The case also provides an opportunity to examine offensive and defensive strategies presented in Chapter 8 that have been executed by Harley-Davidson in building market share in the U. S. and in international markets. The case includes extensive data on the economic and regulatory features of the motorcycle industry in the U. S. and Europe and includes market share data for the world’s leading sellers of heavyweight motorcycles in the U. S. , Europe, and Asia. Students will be able to assess characteristics of the global motorcycle industry and focus on cross country differences in cultural, demographic, and market conditions in the heavyweight segment of the industry.

Considerable differences exist in preferences of European and U. S. torcyclists, which is reflected in Harley-Davidson’s poor showing in Europe relative to low-cost Japanese motorcycle producers and BMW, which enjoys considerable regional loyalties. The case also includes adequate financial information to allow students to assess the company’s overall growth and profitability and examine financial performance by geographic region and product line.

The decision focus of the case is how Harley-Davidson management might better prepare for market maturity in the U. S. and improve its appeal with price-sensitive motorcyclists in the U. S. and performance-oriented riders in Europe. The comprehensive and global nature of this case makes it best used in the second half of your business strategy module. You may also want to consider teaching the Harley-Davidson and Hero Honda cases back-to-back, since these two companies are in the same industry. But either case can readily be used as a stand-alone case. There is a video accompanying the Harley-Davidson case. We suggest showing it at the beginning of the class discussionit should help set the mood and tone for a spirited and interesting discussion.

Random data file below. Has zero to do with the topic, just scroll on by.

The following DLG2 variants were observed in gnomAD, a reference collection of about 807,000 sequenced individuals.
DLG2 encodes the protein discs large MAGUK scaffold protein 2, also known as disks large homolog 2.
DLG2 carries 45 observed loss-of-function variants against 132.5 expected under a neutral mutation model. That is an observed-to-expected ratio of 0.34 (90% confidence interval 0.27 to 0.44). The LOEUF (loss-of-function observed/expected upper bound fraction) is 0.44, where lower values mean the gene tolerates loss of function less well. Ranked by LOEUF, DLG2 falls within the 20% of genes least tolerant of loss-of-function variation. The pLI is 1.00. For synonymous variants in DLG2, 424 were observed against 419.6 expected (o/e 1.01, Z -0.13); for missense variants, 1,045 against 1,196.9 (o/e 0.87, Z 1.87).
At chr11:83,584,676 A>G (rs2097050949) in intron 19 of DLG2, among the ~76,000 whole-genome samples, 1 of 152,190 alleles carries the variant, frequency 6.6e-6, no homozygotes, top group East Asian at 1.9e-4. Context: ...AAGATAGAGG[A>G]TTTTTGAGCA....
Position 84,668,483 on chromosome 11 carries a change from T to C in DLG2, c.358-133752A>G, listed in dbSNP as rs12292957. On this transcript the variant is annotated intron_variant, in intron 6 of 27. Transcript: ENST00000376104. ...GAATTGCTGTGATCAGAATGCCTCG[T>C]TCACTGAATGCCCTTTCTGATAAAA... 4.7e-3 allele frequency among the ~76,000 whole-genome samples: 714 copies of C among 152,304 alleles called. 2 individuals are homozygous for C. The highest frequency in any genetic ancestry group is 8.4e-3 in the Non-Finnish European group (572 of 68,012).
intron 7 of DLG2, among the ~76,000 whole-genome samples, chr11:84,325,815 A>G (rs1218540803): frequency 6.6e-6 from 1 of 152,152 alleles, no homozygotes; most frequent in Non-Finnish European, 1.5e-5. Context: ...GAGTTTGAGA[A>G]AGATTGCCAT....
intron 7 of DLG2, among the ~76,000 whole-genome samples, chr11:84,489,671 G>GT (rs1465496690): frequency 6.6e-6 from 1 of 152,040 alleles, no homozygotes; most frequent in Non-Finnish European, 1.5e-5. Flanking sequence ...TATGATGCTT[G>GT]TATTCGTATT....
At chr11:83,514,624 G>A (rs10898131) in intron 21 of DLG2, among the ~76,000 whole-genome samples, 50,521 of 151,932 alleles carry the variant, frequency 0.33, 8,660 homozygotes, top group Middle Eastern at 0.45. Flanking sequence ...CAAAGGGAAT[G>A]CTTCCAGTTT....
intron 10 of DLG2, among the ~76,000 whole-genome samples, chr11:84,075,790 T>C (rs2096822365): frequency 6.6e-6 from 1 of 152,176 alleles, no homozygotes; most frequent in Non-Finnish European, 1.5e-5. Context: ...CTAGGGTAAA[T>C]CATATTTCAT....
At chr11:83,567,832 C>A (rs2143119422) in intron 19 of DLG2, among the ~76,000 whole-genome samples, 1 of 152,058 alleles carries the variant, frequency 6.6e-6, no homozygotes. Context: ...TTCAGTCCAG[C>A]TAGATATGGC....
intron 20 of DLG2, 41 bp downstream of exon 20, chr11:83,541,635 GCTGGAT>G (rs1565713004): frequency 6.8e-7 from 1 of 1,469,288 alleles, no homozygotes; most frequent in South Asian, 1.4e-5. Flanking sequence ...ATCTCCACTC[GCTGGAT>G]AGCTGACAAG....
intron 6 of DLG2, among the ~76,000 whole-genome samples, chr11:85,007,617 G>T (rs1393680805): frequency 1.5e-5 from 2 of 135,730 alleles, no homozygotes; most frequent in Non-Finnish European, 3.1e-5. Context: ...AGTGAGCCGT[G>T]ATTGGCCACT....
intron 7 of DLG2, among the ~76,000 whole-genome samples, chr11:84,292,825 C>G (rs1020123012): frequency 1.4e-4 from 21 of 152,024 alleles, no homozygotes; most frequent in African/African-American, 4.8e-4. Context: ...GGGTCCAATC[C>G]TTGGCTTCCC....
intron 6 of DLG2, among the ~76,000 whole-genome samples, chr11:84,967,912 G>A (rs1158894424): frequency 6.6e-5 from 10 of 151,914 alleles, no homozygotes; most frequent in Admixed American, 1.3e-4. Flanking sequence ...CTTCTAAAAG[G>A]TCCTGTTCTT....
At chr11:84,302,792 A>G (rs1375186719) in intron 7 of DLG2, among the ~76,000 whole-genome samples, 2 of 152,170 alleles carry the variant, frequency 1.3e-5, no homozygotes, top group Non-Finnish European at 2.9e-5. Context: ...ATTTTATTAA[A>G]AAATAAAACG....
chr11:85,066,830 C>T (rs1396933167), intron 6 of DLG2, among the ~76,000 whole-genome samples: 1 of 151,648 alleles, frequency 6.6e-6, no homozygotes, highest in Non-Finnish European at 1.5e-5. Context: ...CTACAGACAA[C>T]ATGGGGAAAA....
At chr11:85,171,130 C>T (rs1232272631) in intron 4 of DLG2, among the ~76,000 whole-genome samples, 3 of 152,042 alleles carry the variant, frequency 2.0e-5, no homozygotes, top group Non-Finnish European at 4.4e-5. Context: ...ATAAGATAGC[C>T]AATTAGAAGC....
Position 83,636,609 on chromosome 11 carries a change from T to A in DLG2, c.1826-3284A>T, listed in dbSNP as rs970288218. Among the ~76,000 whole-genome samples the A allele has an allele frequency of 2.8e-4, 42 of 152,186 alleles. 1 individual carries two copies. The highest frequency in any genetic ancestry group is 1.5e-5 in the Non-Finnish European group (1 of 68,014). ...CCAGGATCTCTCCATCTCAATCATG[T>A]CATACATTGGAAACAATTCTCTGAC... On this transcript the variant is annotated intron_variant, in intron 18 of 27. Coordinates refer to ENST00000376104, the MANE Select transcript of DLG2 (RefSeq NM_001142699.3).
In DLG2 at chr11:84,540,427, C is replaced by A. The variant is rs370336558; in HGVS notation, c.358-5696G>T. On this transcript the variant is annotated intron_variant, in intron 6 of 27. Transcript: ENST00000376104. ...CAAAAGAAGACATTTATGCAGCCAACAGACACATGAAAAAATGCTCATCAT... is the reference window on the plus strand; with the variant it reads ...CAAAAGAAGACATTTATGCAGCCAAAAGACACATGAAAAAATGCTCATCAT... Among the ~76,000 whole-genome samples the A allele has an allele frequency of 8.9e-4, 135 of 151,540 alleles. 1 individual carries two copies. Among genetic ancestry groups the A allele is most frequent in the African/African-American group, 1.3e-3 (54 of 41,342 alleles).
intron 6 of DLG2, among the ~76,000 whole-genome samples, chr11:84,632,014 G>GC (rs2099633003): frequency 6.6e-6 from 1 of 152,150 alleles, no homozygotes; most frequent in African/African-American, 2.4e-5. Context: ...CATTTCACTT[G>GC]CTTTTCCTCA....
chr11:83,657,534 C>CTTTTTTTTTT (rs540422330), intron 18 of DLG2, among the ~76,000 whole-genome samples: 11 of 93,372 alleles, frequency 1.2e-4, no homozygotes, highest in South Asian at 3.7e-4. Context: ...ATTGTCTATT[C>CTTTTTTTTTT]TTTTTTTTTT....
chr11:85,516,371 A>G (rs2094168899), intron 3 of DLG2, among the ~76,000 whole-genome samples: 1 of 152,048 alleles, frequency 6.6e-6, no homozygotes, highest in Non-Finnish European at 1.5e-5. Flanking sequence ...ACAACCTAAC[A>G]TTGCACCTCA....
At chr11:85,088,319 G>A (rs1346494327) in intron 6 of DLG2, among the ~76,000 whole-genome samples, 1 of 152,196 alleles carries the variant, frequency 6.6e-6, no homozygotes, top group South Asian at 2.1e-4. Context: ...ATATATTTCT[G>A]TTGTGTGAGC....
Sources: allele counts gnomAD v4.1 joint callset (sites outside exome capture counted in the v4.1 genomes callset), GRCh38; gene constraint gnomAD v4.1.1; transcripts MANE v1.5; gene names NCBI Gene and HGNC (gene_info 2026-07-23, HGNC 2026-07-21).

In addition, there is a case preparation exercise on CASE-TUTOR for the Harley-Davidson case. It is framed around the assignment questions presented below and is designed to push students to do the analysis and number-crunching to arrive at sound action recommendations. We believe having the class members complete the exercise prior to class and asking them to bring printouts of their work to class to use in buttressing their arguments is always going to improve the caliber of the discussion and the learning that takes place.

Because of the extensive number-crunching possibilities and the case’s emphasis on action recommendations, the Harley-Davidson case is an excellent choice for oral team presentations or a written case assignment. Our suggested assignment questions are:  Harley-Davidson CEO Jeffrey Bleustein has heard of your emerging skills of analysis and has asked that you perform review of the company’s performance in the U. S. and in international markets.

Your review should examine the characteristics of the major international markets for heavyweight motorcycles, assess Harley-Davidson’s strategy and performance in the U. S. d abroad, and identify obstacles to achieving its objective of manufacturing and selling 400,000 motorcycles annually by 2007. Your report should also include a 2-3 page executive summary of recommendations necessary to achieve the company’s 2007 sales objective of 400,000 units. Please attach whatever tables, figures, or other exhibits you believe necessary to support your conclusions.  Harley-Davidson has employed you as an analyst in its European distribution division based in the United Kingdom. Your first assignment is to prepare a review of the company’s performance in the U. S. and in international markets.

Your review should examine the characteristics of the major international markets for heavyweight motorcycles, assess Harley-Davidson’s strategy and performance in the U. S. and in Europe, and identify obstacles to achieving market share gains in Europe and its strategic objective of selling 400,000 motorcycles in 2007. Your 5-6 page report should include a strategic action plan to increase market share in Europe and allow the company to achieve its 2007 sales objective of 400,000 units. The report should also include whatever tables, figures, and/or other exhibits you believe necessary to support the items in your action plan.